Who determines *WHAT* is 'subversive? Right now, listening to TV 'news' and many people (just about any conservative), just being a Liberal (as I am) is subversive. Am I a 'subversive' because I'm a registerd Democrat? Do I got to jail if I don't have an American flag on my porch? On a lapel pin? Am I a subversive if I oppose the war in Afganistan (as I did the Viet Nam war)? Am I a subversive if I say "our leader" wasn't elected? Am I 'subversive' for writing this in this 'tone'? Am I subversive for saying the people need a bailout, not the airlines and insurance companies?

Not so many years ago in Russia, Stalin determined what was 'subversive' and ordered the murder of millions of Russian citizens. The US wouldn't do that? The more I learn of what our government has done, the less I see anything they wouldn't do. Even the History Channel now gives us a good insight into how far the FBI and CIA have gone in the past. Blind trust in either the FBI or CIA is silly - they're political protectors - not "defenders of the people". Let's see - Most recently on the FBI's "I wanna" list is permission to torture and to incarcerate people indefinitely (Weeks? Months? Years?) without a warrant or evidence or a lawyer - in fact, without even notifying anyone that the person (or persons) are being held at all. Sounds just like the oldRussian KGB to me...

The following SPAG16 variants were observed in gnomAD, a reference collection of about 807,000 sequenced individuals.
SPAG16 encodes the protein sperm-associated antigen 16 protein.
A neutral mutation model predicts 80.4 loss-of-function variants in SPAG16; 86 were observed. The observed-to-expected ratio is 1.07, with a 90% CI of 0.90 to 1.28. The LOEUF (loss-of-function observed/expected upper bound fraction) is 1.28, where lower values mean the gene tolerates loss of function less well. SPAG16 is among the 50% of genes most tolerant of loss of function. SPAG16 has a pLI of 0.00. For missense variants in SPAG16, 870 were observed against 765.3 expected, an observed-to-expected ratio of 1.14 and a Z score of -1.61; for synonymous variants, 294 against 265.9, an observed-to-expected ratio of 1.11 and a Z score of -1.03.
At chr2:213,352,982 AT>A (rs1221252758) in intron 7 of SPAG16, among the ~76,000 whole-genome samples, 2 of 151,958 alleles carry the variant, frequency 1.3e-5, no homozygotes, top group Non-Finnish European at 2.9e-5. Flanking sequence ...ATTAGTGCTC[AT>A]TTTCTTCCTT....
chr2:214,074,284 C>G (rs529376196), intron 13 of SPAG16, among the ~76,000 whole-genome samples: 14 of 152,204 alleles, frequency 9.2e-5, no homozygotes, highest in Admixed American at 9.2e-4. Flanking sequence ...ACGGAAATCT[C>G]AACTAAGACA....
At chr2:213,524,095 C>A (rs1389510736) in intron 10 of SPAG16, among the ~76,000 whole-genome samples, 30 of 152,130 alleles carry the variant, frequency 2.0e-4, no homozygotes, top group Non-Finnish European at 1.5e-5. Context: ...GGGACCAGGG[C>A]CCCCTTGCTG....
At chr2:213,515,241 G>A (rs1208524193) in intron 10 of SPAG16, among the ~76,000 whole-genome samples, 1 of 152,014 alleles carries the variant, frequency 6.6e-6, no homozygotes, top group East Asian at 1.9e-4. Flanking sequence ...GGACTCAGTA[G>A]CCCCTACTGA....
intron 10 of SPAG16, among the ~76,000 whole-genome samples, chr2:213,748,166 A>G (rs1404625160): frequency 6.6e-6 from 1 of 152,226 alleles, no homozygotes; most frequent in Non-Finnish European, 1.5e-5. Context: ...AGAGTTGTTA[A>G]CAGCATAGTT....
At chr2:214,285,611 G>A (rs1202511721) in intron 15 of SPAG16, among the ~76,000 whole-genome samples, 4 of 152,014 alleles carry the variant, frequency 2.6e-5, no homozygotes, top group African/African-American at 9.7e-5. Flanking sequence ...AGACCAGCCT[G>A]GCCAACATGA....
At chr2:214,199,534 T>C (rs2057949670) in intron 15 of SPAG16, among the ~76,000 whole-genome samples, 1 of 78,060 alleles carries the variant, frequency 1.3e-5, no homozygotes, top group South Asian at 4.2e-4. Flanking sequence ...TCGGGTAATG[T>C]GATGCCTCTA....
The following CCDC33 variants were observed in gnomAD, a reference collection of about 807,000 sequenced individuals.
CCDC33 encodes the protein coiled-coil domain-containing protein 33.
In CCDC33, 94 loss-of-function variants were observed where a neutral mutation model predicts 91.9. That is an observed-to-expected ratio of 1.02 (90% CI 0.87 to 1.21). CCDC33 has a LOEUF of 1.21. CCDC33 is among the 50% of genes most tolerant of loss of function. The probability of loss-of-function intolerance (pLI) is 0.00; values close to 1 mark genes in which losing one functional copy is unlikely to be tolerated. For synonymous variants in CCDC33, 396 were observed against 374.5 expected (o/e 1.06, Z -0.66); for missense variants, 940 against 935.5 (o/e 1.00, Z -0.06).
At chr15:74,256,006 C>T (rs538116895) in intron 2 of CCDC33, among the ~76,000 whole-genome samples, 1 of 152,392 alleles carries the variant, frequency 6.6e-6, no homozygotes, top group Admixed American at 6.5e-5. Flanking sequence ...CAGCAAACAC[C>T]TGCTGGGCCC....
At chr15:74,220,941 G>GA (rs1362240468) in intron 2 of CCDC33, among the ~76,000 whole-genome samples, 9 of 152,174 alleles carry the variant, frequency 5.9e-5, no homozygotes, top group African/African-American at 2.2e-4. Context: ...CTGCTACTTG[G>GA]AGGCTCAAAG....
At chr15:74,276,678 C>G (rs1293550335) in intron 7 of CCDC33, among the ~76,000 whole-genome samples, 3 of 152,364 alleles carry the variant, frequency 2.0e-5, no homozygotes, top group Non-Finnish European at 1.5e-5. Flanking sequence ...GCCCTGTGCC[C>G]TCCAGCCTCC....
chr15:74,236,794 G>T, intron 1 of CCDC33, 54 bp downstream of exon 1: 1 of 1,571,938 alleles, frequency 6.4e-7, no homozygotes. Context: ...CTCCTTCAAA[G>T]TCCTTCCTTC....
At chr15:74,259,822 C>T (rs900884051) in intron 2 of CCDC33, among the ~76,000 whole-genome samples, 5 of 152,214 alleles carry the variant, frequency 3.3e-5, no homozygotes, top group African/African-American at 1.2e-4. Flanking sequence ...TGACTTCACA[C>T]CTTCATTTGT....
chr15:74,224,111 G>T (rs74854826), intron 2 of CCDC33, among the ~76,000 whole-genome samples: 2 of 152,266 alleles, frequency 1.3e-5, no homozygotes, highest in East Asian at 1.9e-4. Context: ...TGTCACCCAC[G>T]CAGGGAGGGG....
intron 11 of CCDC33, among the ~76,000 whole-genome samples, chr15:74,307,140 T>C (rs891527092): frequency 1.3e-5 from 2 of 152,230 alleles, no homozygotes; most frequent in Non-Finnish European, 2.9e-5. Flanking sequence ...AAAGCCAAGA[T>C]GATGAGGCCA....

> I'm in favor of a National ID Card.

I have had a passport since I was 13 - a 'national ID card' doesn't phase me at all. In fact, I now carry my current passport with me everywhere 'just in case'.

On the other hand, I also know if I really wanted one bad enough, I could get a fake passport. Larry Ellison (Oracle, of course, which stands to make mega-bucks from such a system) is pushing. But Larry's 'technology solution' is full of holes if you look closely. Sounds so easy. Unfortunately the reality is bogus ID cards would be on the street in days.
 

Randy

Super Moderator
#7
A liberal and a war protester? Oh my gosh, how horrible...:rolleyes:

I don't like the national ID card thing..the next thing will be a tatoo with your registration number on your hand and 666 on your forehead.

Because of the way our society (the USA that is) is structured we will continue to have the potential for things like Sept 11.

The more freedom we give up the more potential there is for open dissent to be persecuted and prosecuted.